Kendall Jenner may only have been 16 when she went into the makeup business with her sister, Kylie, who was 19 at the time, but not everyone has the same financial privilege…
It’s hard work. You need a lot of dedication, not only in the hours you put in but the perseverance to not give up when things get hard. (As they inevitably will.)
Good news is that it has never been easier to start a business from scratch! In fact, the average age of those who do is declining! The internet has given young people a treasure trove of opportunities, not only to start an online business but to gain knowledge and information on how to do business in the offline world.
A lot of good business ideas are actually really dumb. Some of the unlikeliest of products and services go on to achieve great success. Crowdfunding websites like Kickstarter can help you not only with initial funding, but to market test the demand for your latest invention or next great idea for a product. Outside of Kickstarter, there are plenty of schemes and resources available to help young entrepreneurs with funding. A couple of well-known organisations that you may first want to look into are The Prince’s Trust and Peter Jones Enterprise Academy.
The benefits of starting early!
If you’re particularly passionate about something, monetising it can take skills beyond just a hobby. But not all entrepreneurs need to have such a personal interest in their business idea; it can be something as mundane as picking up a few household chores around your neighbourhood (such as cutting grass or washing cars) or a dog-walking and pet-sitting service. Your first business doesn’t have to be the next big industry-disrupting startup; Richard Branson’s first venture at the age of 16 was a magazine called “Student”. Five years later, he opened his first Virgin record store in Oxford Street. An entrepreneur’s early years are rarely glamorous in the grand of scheme of things, but they do weed out those who can and those who can’t.
As with everything there’s a learning curve, but starting a business as a teenager allows you to gain valuable first-hand experience at a time when you can still afford to make mistakes. Some may argue that this learning curve will affect you no matter how old you are, so why not explore it a little earlier in life?
Challenges when starting a business as an under-18
Many online platforms (such as PayPal) and eBay require you to be over the age of 18 to create an account. The most common solution to this is to ask a trusted adult (your parent or guardian) to create an account in their name. You will obviously first need their full consent to be your representative for anything that you’re unfortunately still too young for. This includes setting up a PayPal business account; you can manage the account, but you can’t create it and it can’t be in your name.
The ability to take payments is crucial, but such a simple thing for most online entrepreneurs can be an obstacle when you’re under 18. As it’s difficult to build credit at that age, obtaining things like merchant accounts, bank accounts and insurance is a real challenge. Speak to different banks. Some banks will still be willing to set you up with a business account if you are under the age of 18. (However, if you’re only looking to bring in a little each week or month, then it might not even be worth setting up a business account just yet.)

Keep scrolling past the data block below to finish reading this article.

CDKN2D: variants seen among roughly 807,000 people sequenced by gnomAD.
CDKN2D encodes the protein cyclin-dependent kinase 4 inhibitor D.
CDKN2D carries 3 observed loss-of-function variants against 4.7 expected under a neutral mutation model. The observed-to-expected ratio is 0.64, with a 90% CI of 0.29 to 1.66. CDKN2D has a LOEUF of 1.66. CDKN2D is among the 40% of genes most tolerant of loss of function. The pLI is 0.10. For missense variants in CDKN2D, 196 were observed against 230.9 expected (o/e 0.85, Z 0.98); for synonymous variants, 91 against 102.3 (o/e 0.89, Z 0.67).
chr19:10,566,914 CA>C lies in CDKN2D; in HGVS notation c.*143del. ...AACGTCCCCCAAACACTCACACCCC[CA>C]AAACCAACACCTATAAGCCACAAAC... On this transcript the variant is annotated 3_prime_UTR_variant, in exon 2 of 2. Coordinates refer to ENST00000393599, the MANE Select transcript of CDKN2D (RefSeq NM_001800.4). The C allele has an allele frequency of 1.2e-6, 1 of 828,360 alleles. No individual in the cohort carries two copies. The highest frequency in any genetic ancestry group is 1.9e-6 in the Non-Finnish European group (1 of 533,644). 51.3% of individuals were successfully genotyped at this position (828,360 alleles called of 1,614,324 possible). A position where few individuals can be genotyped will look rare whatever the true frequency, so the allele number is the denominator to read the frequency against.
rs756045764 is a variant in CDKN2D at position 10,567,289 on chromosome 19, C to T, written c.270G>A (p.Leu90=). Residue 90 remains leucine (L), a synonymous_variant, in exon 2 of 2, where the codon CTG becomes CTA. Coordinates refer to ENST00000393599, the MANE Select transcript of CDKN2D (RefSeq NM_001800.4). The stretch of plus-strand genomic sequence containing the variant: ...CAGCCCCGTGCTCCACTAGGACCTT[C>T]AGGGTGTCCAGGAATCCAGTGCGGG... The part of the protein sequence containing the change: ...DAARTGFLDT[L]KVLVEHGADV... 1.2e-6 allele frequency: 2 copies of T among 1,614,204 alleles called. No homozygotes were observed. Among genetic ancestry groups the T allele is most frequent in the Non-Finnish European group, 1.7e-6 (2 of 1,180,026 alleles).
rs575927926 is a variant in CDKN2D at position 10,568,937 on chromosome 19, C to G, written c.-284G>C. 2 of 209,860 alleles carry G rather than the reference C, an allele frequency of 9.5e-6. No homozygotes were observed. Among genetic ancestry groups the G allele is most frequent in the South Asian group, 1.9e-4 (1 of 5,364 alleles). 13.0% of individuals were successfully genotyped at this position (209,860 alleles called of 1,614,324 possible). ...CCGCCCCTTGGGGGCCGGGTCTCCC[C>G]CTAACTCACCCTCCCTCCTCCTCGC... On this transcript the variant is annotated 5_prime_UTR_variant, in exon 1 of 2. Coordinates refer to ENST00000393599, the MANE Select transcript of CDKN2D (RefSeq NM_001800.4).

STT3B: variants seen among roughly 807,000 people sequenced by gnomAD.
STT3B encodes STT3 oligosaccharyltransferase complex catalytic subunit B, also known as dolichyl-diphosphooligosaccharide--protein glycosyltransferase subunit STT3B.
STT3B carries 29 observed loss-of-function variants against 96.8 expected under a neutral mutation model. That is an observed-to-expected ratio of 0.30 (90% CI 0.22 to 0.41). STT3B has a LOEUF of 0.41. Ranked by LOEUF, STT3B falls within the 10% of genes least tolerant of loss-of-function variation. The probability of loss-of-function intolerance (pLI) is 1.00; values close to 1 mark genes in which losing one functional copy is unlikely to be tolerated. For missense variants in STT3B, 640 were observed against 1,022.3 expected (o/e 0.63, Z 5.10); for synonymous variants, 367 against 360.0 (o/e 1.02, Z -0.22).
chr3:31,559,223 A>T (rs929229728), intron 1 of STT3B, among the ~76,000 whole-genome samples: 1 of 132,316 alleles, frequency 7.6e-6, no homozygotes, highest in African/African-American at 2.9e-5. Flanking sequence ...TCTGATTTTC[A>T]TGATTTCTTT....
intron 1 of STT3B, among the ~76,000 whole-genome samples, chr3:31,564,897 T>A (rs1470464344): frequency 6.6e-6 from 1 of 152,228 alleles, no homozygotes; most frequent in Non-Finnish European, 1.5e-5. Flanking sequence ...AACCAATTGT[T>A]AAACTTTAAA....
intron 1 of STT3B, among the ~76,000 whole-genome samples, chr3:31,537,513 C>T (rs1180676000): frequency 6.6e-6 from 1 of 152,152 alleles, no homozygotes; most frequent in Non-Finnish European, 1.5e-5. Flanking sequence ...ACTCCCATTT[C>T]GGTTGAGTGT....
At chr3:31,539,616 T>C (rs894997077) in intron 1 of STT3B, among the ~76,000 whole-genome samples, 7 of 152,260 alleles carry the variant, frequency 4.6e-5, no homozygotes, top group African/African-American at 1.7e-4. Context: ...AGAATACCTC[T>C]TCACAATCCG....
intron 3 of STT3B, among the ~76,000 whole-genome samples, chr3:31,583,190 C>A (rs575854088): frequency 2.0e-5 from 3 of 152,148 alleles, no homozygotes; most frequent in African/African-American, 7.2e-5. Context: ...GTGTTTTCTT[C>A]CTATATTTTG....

With so much access online to suppliers around the world, as well as locally within the UK, ecommerce is a popular first venture for young entrepreneurs, and many start on eBay. You’ll have to bear in mind, however, that with eBay you are only allowed to trade for 3 months as an unregistered business. To complicate things further, under-18s cannot form a limited company and will therefore need to appoint an adult to be director of the company, but you can make yourself the 100% shareholder (also known as the “shadow director” of the company). Once you turn 18, you can then put everything in your name. But, depending on your business and what’s required of it, you might not want to register a limited company right away anyway. Don’t complicate things more than you need to.
Those who are looking to start their own business under the age of 16 may find things a little harder as you won’t have received a National Insurance number yet and will be exempt from paying certain (not all) National Insurance Contributions.
As for income tax, you will only need to worry about paying it if your profit amounts to over £10,000 within the tax year. Keep a record of all your business-related incomings and outgoings, including receipts for business purchases and invoices, and read up on self assessment tax returns. Everything you earn over £10,000 will be taxed from 20%.
If you’re a 16-year-old or a 17-year-old keen to become self-employed, one of the many difficulties you may face is in obtaining public liability insurance.
With Ashburnham, as long as you are legally entitled to work in the UK then we can provide you with public liability insurance for under 18s.